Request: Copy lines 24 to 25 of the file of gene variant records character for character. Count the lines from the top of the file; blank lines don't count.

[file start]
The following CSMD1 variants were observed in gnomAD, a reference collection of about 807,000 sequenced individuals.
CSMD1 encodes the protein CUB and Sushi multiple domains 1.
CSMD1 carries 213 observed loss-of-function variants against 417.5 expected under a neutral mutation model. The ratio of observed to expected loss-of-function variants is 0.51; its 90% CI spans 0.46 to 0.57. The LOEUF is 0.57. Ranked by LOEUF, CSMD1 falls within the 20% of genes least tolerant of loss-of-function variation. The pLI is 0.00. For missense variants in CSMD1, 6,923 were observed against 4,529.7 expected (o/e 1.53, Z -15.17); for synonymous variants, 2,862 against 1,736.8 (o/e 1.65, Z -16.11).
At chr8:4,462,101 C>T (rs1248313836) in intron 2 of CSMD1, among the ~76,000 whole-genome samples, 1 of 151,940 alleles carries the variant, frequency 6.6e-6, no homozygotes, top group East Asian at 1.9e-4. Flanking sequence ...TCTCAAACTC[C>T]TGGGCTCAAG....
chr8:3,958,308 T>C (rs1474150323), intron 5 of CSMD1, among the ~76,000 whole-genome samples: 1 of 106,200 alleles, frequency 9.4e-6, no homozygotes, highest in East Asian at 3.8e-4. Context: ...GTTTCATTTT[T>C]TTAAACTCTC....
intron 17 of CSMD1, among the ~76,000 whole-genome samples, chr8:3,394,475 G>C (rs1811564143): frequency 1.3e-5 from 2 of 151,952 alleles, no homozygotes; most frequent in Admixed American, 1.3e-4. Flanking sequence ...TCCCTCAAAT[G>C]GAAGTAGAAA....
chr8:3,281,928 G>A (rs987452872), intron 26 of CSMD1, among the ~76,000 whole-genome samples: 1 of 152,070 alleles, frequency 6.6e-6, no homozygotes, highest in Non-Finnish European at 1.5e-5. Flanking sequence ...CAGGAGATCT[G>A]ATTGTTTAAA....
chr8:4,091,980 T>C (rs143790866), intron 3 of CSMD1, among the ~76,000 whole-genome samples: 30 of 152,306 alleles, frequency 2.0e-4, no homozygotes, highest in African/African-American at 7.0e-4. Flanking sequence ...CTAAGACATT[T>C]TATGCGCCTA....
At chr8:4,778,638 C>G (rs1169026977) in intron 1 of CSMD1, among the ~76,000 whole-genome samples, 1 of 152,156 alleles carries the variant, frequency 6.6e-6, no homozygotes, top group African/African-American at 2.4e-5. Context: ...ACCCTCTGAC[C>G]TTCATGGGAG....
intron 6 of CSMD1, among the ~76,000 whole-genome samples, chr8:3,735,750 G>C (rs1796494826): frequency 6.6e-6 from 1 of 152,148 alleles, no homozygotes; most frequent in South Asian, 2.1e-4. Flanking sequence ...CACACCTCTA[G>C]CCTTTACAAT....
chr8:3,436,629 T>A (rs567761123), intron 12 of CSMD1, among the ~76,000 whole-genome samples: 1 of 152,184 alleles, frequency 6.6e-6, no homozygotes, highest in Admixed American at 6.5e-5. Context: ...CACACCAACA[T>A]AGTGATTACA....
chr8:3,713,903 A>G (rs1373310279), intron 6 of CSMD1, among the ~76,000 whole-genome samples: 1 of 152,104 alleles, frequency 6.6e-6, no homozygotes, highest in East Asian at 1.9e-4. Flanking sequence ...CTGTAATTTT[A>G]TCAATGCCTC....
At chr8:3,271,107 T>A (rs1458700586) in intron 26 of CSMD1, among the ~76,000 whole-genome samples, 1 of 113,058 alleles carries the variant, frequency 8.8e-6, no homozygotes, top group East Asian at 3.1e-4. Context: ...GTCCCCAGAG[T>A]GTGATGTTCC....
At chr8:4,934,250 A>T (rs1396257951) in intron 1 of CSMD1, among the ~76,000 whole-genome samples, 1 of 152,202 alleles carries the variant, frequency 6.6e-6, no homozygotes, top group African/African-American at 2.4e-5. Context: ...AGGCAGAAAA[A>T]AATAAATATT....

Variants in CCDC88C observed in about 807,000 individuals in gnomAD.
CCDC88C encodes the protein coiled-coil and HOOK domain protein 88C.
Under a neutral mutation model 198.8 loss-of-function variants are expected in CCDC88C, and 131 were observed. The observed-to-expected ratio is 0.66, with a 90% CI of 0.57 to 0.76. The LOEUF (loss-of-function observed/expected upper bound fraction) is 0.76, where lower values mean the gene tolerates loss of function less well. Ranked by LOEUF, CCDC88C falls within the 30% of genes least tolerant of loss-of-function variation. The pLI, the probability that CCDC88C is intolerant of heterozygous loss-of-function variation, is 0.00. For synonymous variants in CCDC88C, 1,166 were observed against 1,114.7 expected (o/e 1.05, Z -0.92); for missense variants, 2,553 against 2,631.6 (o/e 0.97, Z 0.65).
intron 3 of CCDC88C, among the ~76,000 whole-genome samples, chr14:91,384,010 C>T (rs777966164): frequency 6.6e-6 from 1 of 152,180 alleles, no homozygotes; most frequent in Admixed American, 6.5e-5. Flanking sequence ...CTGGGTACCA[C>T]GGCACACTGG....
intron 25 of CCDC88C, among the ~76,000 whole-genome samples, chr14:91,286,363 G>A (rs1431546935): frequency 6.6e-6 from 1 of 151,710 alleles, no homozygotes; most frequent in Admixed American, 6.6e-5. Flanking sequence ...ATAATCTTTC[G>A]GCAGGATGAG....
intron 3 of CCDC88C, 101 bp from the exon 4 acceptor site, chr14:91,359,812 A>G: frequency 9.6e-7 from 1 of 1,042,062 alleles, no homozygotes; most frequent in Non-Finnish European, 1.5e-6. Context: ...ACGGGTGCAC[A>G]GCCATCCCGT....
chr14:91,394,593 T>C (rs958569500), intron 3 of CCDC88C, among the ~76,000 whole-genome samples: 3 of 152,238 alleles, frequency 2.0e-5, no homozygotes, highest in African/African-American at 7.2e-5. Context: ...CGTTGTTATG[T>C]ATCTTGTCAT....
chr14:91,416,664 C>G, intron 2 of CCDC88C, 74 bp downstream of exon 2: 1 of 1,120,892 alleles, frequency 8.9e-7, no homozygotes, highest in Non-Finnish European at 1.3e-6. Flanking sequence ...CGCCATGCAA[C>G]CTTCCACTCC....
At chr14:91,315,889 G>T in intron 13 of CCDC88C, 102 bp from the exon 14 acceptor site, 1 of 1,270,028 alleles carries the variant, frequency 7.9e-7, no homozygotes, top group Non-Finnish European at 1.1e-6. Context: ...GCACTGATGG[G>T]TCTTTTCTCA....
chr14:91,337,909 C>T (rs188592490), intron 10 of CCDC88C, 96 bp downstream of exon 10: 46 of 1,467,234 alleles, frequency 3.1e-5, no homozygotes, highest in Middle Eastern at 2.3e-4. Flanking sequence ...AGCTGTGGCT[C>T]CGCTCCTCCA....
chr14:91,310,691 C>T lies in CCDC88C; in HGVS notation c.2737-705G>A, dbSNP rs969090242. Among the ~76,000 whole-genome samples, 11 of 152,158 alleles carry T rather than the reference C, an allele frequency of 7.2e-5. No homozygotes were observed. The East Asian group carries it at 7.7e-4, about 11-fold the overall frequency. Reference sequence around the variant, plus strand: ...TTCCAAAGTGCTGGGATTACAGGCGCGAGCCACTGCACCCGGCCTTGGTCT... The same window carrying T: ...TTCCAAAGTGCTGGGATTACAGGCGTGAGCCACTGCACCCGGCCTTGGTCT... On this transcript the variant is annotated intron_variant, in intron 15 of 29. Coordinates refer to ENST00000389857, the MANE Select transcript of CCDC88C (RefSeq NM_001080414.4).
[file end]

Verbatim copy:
chr14:91,337,909 C>T (rs188592490), intron 10 of CCDC88C, 96 bp downstream of exon 10: 46 of 1,467,234 alleles, frequency 3.1e-5, no homozygotes, highest in Middle Eastern at 2.3e-4. Flanking sequence ...AGCTGTGGCT[C>T]CGCTCCTCCA....
chr14:91,310,691 C>T lies in CCDC88C; in HGVS notation c.2737-705G>A, dbSNP rs969090242. Among the ~76,000 whole-genome samples, 11 of 152,158 alleles carry T rather than the reference C, an allele frequency of 7.2e-5. No homozygotes were observed. The East Asian group carries it at 7.7e-4, about 11-fold the overall frequency. Reference sequence around the variant, plus strand: ...TTCCAAAGTGCTGGGATTACAGGCGCGAGCCACTGCACCCGGCCTTGGTCT... The same window carrying T: ...TTCCAAAGTGCTGGGATTACAGGCGTGAGCCACTGCACCCGGCCTTGGTCT... On this transcript the variant is annotated intron_variant, in intron 15 of 29. Coordinates refer to ENST00000389857, the MANE Select transcript of CCDC88C (RefSeq NM_001080414.4).